The mixture can be initially heated to a first temperature, in one embodiment of at least about 50° C., and in another embodiment of at least about 65° C., and in one embodiment of no more than about 130° C., and in another embodiment of no more than about 125° C., although the temperature can be outside of these ranges, for a period of time in one embodiment of at least about 10 minutes, and in another embodiment of at least about 20 minutes, and in one embodiment of no more than about 120 minutes, and in another embodiment of no more than about 60 minutes, although the time can be outside of these ranges, to promote slow release of ammonia, then is subsequently heated to a second temperature which is higher than the first temperature, in one embodiment of at least about 120° C., and in another embodiment of at least about 135° C., and in one embodiment of no more than about 200° C., and in another embodiment of no more than about 170° C., although the temperature can be outside of these ranges, for a period of time in one embodiment of at least about 1 hour, and in another embodiment of at least about 2 hours, and in one embodiment of no more than about 24 hours, and in another embodiment of no more than about 10 hours, although the time can be outside of these ranges.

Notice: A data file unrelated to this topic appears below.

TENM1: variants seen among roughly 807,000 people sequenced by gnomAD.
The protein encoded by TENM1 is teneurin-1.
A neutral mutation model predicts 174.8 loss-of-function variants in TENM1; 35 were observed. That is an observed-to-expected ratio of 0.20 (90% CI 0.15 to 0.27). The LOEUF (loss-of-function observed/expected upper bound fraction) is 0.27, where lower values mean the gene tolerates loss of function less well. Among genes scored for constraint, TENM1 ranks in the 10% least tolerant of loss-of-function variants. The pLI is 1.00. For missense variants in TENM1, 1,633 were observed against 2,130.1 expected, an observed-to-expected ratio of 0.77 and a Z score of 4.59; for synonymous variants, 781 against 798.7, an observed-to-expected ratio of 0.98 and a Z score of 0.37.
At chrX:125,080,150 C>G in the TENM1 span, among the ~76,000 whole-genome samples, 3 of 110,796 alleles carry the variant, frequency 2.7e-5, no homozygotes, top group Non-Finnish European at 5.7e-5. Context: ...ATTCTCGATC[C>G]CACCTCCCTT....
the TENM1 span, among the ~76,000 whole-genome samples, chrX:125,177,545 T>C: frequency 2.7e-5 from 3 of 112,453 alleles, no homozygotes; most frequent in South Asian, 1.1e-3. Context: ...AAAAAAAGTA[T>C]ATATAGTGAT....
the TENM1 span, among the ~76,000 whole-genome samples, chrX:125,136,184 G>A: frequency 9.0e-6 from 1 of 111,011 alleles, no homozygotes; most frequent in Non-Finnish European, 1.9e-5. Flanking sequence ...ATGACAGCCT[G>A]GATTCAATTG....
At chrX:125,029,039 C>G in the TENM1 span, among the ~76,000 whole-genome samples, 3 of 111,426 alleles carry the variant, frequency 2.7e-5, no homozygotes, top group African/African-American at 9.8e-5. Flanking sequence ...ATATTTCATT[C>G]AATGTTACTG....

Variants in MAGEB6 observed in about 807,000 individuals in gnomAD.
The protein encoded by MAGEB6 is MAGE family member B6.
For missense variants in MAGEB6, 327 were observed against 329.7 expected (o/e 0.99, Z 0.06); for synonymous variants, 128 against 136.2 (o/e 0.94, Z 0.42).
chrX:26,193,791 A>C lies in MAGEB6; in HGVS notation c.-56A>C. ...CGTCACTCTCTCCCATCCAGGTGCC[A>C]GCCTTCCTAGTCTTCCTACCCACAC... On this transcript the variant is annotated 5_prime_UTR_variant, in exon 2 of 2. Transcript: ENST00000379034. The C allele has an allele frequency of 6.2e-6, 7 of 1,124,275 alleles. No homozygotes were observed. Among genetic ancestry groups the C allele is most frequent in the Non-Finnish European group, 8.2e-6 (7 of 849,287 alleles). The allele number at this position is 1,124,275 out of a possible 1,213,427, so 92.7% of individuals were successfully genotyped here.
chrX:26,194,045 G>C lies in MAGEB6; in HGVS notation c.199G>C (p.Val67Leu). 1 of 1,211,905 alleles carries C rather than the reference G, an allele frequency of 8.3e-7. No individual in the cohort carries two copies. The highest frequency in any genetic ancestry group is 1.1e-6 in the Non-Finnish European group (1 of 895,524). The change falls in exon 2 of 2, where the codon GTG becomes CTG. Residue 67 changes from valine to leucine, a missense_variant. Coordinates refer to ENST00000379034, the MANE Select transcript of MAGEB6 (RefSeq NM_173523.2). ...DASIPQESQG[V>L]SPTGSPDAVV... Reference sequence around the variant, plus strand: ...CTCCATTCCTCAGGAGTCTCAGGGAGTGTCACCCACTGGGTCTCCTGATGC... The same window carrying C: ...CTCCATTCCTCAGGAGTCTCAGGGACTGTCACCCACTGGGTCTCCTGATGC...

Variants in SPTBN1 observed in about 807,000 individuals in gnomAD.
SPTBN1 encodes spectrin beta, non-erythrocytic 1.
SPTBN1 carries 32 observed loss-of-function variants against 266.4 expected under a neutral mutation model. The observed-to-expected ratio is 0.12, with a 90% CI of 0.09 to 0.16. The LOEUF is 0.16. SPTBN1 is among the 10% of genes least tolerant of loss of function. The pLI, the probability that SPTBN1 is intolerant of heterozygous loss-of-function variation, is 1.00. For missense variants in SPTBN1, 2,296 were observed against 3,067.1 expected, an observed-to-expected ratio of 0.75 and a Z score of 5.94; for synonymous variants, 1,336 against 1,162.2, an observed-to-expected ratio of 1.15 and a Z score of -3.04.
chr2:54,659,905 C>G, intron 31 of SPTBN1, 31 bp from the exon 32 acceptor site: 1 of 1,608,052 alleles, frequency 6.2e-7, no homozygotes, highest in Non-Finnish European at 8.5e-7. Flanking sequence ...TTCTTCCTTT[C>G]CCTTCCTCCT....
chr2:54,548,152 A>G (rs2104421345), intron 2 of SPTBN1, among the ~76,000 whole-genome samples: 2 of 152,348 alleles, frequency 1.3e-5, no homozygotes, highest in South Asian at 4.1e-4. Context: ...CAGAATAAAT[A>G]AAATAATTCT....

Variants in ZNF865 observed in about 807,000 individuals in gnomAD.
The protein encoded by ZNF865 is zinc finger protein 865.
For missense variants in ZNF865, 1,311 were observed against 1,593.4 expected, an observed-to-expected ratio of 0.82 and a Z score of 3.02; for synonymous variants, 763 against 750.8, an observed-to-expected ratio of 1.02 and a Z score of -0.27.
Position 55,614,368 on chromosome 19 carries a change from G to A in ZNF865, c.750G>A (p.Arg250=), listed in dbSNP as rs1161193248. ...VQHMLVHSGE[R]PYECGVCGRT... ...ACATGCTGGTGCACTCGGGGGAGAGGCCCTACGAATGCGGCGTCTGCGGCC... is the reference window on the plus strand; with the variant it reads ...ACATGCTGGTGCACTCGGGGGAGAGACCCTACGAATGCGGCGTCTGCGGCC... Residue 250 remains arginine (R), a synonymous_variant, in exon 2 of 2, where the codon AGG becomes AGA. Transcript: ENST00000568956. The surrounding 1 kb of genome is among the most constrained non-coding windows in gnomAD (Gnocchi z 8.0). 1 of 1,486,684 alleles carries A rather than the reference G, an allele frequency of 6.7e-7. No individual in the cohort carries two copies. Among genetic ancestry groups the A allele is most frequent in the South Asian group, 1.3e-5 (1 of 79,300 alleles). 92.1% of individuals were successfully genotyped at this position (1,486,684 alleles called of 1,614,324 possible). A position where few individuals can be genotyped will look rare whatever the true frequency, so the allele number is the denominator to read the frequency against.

Thereafter, the reaction mixture is cooled, in one embodiment to a temperature of at least about 25° C., and in another embodiment to a temperature of at least about 50° C., and in one embodiment to a temperature of no more than about 125° C., and in another embodiment to a temperature of no more than about 100° C., although the temperature can be outside of these ranges, and the product is separated by filtration or by decantation and washed with a solvent, such as water, acetone, methyl ethyl ketone, methyl isobutyl ketone, methanol, ethanol, propanol, butanol, acetone, dimethyl formamide, dimethyl sulfoxide, N-methyl pyrrolidinone, sulfolane, and the like, as well as mixtures thereof. If desired, the precipitated blue solids can then again be filtered, slurried with a solvent, such as acetone, methyl ethyl ketone, methyl isobutyl ketone, methanol, ethanol, propanol, butanol, acetone, dimethyl formamide, dimethyl sulfoxide, N-methyl pyrrolidinone, sulfolane, and the like, as well as mixtures thereof, in relative amounts in one embodiment of at least about 3 parts by weight solvent per every 1 part by weight product, and in one embodiment of no more than about 100 parts by weight solvent per every 1 part by weight product, although the relative amounts can be outside of these ranges, for a period of time in one embodiment of at least about 0.5 hour, and in one embodiment of no more than about 24 hours, although the time can be outside of these ranges, and at a temperature in one embodiment of at least about 25° C., and in another embodiment of at least about 50° C., and in one embodiment of no more than about 200° C., and in another embodiment of no more than about 100° C., although the temperature can be outside of these ranges. The product is then filtered again and dried.